CMS Unveils Hospital Violations Database

Cheryl Clark, for HealthLeaders Media , March 18, 2013

Prior to CMS's release, these documents were available only after members of the public or news media filed Freedom of Information Act or state public records requests.

"It was a time-consuming process, and there would be no way to compare (various hospitals or regions of the country) except by spending a lot of time and spending many hours creating spreadsheets, and creating data tools to do that," Ornstein says. "What we wanted to do was make this easy for the public to access these reports."

The new database does not include documents about results of complaint investigations involving psychiatric hospitals or long-term care facilities. Routine inspection reports are also not included. However Ornstein's group said it was working to get disclosure of those files as well.

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Ornstein also said that the database would be updated quarterly.

In response to questions on Saturday, CMS spokeswoman Kathryn Ceja said in an e-mail, that the agency released the data with AHCJ because the government wants to "promote an informed citizenry, patient engagement in healthcare, quality improvement on the part of providers, and transparency in government."

She added that the release of these reports about acute care, including critical access hospitals, follows the release last year of a similar searchable database on nursing homes.

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2 comments on "CMS Unveils Hospital Violations Database"

Susan Reese (3/19/2013 at 2:21 PM)
Bravo!! Maybe this will cause hospitals to take a look at their 'top-down' processes and begin their conversations with, How would that affect the nursing staff and patient care? Nurses are the 'eyes and ears' and 24/7 care provider. Ask any nurse if they have an idea how to reduce patient harm, the answer would be, yes! So, if this is true, why don't hospital administrators listen? Probably, because they haven't asked. A nurse can never say, "I can't take another patient right now because it would jepordize patient safety" or "No, I can't work another 4 hours on top of this 12-hour shift". Fatique and inadequate staffing are major contributors to situations which lead to patient harm. These comments are from a nurse with 30 year's of hospital experience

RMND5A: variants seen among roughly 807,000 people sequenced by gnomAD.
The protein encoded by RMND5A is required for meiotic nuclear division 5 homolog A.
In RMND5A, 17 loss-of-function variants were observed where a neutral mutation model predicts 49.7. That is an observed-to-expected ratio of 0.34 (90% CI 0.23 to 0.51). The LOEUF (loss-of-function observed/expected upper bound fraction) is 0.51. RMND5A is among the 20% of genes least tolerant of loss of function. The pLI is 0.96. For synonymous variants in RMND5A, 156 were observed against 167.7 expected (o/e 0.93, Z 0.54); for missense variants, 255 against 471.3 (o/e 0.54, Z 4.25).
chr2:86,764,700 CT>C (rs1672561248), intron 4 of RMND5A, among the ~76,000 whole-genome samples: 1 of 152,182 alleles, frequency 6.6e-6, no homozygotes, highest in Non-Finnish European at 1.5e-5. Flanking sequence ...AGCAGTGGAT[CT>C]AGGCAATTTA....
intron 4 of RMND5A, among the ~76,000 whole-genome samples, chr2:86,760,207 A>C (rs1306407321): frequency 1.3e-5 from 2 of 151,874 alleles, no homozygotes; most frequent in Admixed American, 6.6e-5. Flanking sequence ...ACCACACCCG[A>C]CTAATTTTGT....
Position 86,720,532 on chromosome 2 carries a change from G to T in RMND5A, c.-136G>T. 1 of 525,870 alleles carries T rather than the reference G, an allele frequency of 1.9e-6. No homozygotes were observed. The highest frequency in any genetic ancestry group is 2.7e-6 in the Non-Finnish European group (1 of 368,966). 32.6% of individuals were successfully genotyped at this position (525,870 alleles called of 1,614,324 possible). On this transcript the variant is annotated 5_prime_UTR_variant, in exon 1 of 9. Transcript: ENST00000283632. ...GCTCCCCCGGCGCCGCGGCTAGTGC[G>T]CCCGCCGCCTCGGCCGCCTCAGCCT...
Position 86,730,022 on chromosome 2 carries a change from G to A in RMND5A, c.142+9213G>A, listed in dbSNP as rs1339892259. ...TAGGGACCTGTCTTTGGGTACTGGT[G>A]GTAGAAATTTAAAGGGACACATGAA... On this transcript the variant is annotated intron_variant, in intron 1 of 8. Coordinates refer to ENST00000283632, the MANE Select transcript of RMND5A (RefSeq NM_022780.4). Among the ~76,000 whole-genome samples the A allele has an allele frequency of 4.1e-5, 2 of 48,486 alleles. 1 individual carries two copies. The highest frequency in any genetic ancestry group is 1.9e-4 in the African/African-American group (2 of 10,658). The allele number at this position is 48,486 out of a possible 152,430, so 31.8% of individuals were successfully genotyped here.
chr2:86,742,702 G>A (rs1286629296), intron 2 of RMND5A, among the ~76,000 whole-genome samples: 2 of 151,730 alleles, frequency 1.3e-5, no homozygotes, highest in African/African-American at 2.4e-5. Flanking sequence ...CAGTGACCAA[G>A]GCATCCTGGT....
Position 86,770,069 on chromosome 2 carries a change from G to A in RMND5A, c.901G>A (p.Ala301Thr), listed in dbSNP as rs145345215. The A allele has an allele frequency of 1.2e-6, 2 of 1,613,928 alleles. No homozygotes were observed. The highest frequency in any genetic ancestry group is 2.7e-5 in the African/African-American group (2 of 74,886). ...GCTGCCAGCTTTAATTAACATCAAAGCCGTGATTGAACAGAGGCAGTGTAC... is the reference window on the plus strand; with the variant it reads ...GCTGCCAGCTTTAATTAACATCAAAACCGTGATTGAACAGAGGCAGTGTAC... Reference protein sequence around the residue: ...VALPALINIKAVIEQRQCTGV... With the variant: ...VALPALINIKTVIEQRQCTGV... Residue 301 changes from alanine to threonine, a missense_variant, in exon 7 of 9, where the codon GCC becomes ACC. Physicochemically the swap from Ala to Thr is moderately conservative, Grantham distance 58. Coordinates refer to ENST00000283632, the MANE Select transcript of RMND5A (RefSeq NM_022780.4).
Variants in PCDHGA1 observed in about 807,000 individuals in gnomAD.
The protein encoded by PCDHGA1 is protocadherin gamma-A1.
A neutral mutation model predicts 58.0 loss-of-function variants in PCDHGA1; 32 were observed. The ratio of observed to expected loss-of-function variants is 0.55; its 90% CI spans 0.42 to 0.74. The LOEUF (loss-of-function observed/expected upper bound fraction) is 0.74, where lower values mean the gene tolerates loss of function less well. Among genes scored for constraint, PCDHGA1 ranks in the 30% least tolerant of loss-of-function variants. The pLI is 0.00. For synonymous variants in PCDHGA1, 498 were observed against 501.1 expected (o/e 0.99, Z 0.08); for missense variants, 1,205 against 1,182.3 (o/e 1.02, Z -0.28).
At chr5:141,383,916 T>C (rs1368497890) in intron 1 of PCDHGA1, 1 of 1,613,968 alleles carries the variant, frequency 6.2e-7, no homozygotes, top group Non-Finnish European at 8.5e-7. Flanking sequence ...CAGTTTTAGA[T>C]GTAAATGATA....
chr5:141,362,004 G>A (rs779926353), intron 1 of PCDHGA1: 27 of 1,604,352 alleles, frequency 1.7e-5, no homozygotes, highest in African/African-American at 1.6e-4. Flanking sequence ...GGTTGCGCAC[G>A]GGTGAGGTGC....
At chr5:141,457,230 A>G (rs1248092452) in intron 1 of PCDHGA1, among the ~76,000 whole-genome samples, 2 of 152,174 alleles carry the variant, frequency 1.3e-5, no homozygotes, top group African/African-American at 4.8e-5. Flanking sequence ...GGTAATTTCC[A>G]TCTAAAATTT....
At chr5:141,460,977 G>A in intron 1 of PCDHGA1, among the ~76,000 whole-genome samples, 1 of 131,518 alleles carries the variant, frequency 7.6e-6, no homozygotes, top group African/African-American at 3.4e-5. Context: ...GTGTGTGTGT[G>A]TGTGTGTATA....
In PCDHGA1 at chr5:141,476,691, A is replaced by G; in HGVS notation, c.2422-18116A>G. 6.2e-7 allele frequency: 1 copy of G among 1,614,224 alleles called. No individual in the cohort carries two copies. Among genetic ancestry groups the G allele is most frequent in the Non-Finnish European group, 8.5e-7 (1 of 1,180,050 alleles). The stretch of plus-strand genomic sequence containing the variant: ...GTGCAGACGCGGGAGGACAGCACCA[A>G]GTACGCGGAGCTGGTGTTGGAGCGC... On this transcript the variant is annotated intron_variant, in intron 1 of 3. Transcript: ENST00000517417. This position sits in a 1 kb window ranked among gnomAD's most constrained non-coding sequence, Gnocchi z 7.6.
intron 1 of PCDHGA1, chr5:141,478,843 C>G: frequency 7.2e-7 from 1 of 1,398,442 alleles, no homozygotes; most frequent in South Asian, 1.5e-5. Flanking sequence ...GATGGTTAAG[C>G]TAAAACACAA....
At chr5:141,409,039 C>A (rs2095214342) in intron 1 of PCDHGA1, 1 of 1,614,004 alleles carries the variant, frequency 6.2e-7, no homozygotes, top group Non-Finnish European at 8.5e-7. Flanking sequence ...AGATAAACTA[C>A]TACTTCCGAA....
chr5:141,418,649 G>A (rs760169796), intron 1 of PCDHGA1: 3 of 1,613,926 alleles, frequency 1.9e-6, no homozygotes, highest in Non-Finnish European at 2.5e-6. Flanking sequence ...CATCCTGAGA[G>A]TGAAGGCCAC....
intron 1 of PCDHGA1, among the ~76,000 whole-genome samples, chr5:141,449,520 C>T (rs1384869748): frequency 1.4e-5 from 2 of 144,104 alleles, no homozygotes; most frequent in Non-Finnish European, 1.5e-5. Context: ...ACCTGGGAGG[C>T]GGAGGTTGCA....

jsilver (3/18/2013 at 12:17 PM)
Long overdue! Hospitals must learn that they do not have a right to provide healthcare services- they are granted that right by the citizens of the states in which they provide services. The citizens have a right to know what's going on, and given the IOM report from 1999 showing that a fully loaded 747 is crashing every day in our country (98,000 lives a year) and that we now know that 2 747's are closer to that truth, CMS has both a moral and oversight repsonsibility to get this information out. CMS should TELL JCAHO what to do if they want to keep surveying hospitals, not ask. I applaud all the efforts by CMS to provide safe and effective care to all Americans. Dr. John Silver




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